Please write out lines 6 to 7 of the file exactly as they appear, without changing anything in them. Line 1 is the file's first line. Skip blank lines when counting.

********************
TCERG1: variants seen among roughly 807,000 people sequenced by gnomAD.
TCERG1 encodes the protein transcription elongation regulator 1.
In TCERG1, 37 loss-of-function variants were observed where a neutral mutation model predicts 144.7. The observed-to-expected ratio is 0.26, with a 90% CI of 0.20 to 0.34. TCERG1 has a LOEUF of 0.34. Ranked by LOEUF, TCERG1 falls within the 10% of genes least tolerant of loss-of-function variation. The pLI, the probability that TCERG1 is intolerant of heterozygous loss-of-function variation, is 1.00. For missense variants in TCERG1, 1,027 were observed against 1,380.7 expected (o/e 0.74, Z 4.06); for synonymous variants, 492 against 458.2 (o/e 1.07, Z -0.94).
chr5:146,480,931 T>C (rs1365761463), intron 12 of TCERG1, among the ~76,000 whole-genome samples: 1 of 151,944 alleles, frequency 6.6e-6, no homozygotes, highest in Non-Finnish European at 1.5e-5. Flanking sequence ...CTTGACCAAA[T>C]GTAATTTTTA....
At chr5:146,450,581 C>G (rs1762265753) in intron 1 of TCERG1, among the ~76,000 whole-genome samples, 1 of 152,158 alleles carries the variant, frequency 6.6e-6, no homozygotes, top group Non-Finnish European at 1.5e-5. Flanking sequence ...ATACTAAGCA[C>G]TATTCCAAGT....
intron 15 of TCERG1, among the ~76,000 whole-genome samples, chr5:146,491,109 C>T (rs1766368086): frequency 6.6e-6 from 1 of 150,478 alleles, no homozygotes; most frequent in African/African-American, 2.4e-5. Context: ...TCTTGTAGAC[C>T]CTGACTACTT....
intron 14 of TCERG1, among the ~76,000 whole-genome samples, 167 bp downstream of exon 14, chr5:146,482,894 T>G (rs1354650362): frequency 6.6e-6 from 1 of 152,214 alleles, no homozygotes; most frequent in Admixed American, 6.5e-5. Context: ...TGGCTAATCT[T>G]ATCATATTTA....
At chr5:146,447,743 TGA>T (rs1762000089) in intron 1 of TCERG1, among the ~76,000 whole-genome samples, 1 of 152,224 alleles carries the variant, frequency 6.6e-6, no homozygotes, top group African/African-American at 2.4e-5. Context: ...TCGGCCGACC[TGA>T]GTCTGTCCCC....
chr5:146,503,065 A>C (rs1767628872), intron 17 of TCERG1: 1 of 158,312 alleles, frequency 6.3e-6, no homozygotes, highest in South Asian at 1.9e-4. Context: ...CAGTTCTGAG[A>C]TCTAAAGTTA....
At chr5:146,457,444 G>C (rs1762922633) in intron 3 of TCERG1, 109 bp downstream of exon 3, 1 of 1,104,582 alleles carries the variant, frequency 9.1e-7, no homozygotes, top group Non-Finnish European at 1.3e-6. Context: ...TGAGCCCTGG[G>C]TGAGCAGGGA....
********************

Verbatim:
intron 15 of TCERG1, among the ~76,000 whole-genome samples, chr5:146,491,109 C>T (rs1766368086): frequency 6.6e-6 from 1 of 150,478 alleles, no homozygotes; most frequent in African/African-American, 2.4e-5. Context: ...TCTTGTAGAC[C>T]CTGACTACTT....
intron 14 of TCERG1, among the ~76,000 whole-genome samples, 167 bp downstream of exon 14, chr5:146,482,894 T>G (rs1354650362): frequency 6.6e-6 from 1 of 152,214 alleles, no homozygotes; most frequent in Admixed American, 6.5e-5. Context: ...TGGCTAATCT[T>G]ATCATATTTA....